UPDATE: Official snap counts give Pettis 35 snaps including the two penalty calls mentioned above.

The other thing to note, which you may be wondering, is how those snaps broke down in runs versus passes. Pettis was, in fact, on the field for eight more run plays than Samuel, but Samuel was only on the field for one more pass play than Pettis. So, while Samuel had an even number of pass and run plays, Pettis had more run duties. The numbers are below:

Samuel: 13 pass plays, 13 run plays

Pettis: 12 pass plays, 21 run plays

What is there to take from these numbers? Maybe you can interpret that the increased run-blocking duties of Pettis wore him down more and made Samuel fresher than Pettis. That’s possible, but Marquise Goodwin took the most snaps out of any wide receiver and was targeted plenty despite his run-blocking duties.

The reality of Week 2 is that Jimmy Garoppolo isn’t looking Pettis’ way all that often, but he is looking Samuel’s way, and frequently. No one had more receptions than Samuel and the next-highest targeted players were Raheem Mostert (four targets, three catches, 68 yards, 1 TD) and Richie James Jr. (four targets, one catch, seven yards).

Also, there’s no overlap here. Samuel and Pettis play the same Z-receiver position, staggered behind the line off scrimmage. So, when one of them is in, the other is out. Kendrick Bourne appears to be the split end, X-receiver backup for Marquise Goodwin (with the ability to slot inside) and Richie James Jr. is generally in as the slot receiver when the 49ers go to three-receiver sets.

This is not intended as a condemnation of Pettis’ play; he hasn’t looked like he’s been halfhearted in running his routes or blocking downfield. Both he and Samuel have been utilized in motion (six-to-seven times for each on Sunday), which has an impact that doesn’t show up on the stat sheet.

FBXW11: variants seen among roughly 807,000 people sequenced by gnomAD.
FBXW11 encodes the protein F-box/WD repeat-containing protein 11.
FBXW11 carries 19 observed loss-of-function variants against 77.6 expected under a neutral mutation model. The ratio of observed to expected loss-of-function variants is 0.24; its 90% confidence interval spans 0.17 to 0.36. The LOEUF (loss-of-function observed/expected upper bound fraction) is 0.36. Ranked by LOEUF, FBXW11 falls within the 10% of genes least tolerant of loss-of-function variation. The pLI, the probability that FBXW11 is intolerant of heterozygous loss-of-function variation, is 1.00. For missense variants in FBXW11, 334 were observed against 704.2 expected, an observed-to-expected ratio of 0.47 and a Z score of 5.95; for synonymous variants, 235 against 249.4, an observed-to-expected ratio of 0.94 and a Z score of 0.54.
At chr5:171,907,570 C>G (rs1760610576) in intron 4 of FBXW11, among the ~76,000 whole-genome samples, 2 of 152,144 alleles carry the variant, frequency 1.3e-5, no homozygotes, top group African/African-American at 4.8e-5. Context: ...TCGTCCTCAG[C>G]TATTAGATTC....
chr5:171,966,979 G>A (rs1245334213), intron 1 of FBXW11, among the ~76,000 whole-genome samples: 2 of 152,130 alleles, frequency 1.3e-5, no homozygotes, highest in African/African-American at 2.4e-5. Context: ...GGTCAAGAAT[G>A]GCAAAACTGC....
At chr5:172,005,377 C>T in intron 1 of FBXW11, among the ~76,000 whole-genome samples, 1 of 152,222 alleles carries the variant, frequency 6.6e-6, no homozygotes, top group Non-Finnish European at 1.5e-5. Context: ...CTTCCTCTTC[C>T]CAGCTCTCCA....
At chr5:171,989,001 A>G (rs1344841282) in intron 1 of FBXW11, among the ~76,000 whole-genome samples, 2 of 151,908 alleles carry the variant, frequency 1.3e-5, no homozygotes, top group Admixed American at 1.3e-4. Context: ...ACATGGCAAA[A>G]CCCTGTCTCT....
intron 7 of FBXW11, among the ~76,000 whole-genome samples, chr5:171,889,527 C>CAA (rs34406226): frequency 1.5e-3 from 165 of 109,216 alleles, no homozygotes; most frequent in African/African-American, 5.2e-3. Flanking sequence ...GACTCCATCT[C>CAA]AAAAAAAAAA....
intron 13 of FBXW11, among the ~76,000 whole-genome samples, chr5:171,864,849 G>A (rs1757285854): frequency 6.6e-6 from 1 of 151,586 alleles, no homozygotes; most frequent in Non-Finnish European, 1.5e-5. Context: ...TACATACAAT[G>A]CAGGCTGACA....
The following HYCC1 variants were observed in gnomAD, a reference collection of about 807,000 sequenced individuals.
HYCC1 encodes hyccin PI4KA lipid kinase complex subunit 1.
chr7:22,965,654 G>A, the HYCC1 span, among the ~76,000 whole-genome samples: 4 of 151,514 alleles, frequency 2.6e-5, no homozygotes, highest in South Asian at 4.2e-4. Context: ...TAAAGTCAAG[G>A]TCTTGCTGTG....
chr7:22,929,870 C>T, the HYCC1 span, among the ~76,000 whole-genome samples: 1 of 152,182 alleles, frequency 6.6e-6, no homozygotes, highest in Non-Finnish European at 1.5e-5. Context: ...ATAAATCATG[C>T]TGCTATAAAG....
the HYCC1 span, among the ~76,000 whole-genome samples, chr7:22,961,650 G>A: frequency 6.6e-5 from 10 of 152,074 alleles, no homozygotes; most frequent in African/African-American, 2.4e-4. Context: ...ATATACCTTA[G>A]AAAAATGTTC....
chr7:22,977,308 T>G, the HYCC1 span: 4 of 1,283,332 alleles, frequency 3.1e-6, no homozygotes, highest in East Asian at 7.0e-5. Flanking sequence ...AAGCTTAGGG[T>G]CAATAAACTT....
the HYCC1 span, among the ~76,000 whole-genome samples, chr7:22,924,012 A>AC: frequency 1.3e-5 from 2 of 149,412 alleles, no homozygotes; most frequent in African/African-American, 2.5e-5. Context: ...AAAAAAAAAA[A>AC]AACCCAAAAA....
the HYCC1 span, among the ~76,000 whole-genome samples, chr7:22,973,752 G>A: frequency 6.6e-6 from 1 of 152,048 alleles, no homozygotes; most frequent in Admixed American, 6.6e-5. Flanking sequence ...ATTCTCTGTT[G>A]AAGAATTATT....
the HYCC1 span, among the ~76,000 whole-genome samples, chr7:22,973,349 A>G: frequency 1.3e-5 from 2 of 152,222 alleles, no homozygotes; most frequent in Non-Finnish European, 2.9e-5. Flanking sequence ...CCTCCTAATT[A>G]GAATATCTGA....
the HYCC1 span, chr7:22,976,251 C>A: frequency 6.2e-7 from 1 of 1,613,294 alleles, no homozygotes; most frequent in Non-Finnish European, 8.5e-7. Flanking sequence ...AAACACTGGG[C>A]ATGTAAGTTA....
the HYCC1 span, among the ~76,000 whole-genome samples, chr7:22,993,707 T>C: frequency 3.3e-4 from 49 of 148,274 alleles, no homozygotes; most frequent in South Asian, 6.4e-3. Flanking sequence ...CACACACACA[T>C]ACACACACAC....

What it is intended to show is the fact that despite having increased familiarity in the 49ers’ offense, Garoppolo is already targeting Deebo Samuel at a much higher rate. Pettis could be running great routes on every single play, but the ball isn’t going to him like it is to Samuel; at least, not at the moment.

Shanahan gave Samuel the rookie treatment after Sunday’s win, stating that he was impressed but wants to see improvement (you can count on him or defensive coordinator Robert Saleh employing some version of that cautious optimism every week). He raves about Pettis, too, but he can only select the personnel; Garoppolo decides where the ball goes.

Shanahan, and Garoppolo (earlier this week), too, talk about Samuel differently; they continually praise their new bulldog of a wide receiver for his love of contact.

“[Samuel] just did what he was supposed to do, so we’re happy with him. I’m going to be hard on Deebo all the time,” Shanahan said Sunday. “This was his second game. Lots of stuff I’m sure he could have done better, but I know when we give the ball to him, put the ball in his hands, he’s as fearless and as tough a rookie wide receiver as I’ve been around. We’re going to have to live, as I told him, with some growing pains, but when you have a guy who plays that physically and isn’t scared of the moment and isn’t scared of the contact, we’re going to be a lot more willing to live with it.”